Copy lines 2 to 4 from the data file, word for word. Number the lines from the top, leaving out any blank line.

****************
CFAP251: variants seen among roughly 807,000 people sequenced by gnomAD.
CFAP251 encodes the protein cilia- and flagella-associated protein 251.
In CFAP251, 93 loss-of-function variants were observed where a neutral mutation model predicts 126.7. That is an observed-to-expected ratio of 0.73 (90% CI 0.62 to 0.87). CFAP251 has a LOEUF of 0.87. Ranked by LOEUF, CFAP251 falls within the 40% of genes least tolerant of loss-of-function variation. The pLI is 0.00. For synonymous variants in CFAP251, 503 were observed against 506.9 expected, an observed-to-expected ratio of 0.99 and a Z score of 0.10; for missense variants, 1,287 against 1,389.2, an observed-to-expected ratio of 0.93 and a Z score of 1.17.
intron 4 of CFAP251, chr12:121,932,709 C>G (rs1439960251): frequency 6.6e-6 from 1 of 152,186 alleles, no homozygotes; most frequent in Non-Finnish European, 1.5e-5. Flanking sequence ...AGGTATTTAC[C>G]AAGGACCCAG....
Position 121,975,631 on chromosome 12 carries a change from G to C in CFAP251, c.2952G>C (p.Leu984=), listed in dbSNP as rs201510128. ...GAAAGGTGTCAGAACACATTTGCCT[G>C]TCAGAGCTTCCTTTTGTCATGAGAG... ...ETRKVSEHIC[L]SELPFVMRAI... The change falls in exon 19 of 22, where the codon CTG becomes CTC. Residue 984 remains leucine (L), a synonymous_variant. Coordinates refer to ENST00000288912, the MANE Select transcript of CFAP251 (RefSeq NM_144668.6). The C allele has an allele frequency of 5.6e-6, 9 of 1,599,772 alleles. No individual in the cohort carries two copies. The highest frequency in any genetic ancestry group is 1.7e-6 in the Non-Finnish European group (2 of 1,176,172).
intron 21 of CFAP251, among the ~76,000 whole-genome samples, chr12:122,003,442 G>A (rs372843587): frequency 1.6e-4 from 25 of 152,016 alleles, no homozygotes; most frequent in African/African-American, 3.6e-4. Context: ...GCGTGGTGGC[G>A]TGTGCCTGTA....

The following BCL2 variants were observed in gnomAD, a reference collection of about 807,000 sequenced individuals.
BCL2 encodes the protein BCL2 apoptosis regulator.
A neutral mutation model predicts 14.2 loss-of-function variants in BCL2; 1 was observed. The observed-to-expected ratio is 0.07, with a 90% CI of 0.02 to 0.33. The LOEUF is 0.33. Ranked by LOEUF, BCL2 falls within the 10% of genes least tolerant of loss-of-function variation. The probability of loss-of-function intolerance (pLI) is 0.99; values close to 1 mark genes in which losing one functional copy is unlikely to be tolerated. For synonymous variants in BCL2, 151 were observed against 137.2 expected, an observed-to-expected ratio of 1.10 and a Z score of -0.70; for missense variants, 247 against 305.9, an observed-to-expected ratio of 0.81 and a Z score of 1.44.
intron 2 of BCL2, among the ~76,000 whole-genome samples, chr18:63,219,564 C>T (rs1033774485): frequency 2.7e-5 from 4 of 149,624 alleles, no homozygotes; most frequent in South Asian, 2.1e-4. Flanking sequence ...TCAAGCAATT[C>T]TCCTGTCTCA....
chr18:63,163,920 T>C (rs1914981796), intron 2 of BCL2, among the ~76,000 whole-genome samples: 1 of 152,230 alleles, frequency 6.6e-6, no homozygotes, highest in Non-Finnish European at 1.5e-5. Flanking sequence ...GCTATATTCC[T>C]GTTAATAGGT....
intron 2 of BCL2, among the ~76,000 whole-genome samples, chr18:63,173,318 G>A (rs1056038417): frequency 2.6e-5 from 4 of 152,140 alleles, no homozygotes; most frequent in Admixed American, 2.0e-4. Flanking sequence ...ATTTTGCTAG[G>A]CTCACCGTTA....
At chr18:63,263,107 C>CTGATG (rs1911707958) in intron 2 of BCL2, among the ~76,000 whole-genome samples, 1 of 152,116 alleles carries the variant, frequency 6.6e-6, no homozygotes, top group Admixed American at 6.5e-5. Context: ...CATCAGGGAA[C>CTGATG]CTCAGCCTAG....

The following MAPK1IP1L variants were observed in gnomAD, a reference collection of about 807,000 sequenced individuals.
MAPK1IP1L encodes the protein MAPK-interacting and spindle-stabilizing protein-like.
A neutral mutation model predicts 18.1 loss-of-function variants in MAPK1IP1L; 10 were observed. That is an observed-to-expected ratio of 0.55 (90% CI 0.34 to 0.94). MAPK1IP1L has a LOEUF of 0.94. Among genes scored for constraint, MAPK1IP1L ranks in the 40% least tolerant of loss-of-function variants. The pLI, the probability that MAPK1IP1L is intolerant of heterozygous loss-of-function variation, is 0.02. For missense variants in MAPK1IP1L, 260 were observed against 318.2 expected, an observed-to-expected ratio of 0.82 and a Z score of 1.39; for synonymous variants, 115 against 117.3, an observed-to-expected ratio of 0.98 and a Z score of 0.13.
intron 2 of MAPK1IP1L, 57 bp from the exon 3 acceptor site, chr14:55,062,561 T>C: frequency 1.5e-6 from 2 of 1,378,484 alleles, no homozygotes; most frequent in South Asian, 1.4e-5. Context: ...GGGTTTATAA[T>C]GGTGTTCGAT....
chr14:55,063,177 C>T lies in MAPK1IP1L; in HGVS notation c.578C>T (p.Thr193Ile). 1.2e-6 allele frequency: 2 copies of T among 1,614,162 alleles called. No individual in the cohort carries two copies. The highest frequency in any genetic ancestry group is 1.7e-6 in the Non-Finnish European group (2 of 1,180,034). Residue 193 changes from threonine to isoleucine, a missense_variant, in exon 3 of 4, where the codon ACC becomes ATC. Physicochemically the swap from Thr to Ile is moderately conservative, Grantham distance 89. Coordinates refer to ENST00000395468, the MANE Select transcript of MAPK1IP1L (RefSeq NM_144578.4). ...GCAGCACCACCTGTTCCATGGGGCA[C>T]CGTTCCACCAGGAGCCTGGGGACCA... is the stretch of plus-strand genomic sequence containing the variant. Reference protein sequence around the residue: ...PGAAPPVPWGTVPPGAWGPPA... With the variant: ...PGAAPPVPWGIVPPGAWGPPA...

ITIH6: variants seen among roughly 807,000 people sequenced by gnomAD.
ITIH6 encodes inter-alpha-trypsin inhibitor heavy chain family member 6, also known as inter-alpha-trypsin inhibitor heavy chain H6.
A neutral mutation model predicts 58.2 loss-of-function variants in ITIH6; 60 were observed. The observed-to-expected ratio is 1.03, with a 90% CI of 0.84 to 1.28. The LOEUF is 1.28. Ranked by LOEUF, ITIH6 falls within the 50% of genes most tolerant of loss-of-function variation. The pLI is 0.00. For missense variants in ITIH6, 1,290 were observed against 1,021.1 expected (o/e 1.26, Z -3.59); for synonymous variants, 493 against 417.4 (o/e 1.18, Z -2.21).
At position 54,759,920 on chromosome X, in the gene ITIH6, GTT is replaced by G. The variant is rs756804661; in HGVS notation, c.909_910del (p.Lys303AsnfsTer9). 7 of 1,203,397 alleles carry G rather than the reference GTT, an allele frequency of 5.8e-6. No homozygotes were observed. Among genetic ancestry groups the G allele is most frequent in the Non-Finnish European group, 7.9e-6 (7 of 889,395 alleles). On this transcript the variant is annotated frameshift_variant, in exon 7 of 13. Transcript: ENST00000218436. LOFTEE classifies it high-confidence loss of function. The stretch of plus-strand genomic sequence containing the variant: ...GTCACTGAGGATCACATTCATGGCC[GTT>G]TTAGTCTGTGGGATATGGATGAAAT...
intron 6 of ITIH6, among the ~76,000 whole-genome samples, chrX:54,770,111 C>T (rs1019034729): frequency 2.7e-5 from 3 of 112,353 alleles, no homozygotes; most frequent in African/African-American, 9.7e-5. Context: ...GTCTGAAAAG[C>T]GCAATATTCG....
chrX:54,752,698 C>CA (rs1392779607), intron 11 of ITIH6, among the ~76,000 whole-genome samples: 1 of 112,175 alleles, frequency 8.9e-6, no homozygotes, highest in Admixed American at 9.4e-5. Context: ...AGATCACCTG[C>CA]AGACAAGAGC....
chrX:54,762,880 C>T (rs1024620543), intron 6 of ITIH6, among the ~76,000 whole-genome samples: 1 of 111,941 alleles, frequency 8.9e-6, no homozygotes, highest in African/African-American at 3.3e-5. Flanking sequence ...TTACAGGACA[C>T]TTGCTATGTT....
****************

CFAP251 encodes the protein cilia- and flagella-associated protein 251.
In CFAP251, 93 loss-of-function variants were observed where a neutral mutation model predicts 126.7. That is an observed-to-expected ratio of 0.73 (90% CI 0.62 to 0.87). CFAP251 has a LOEUF of 0.87. Ranked by LOEUF, CFAP251 falls within the 40% of genes least tolerant of loss-of-function variation. The pLI is 0.00. For synonymous variants in CFAP251, 503 were observed against 506.9 expected, an observed-to-expected ratio of 0.99 and a Z score of 0.10; for missense variants, 1,287 against 1,389.2, an observed-to-expected ratio of 0.93 and a Z score of 1.17.
intron 4 of CFAP251, chr12:121,932,709 C>G (rs1439960251): frequency 6.6e-6 from 1 of 152,186 alleles, no homozygotes; most frequent in Non-Finnish European, 1.5e-5. Flanking sequence ...AGGTATTTAC[C>G]AAGGACCCAG....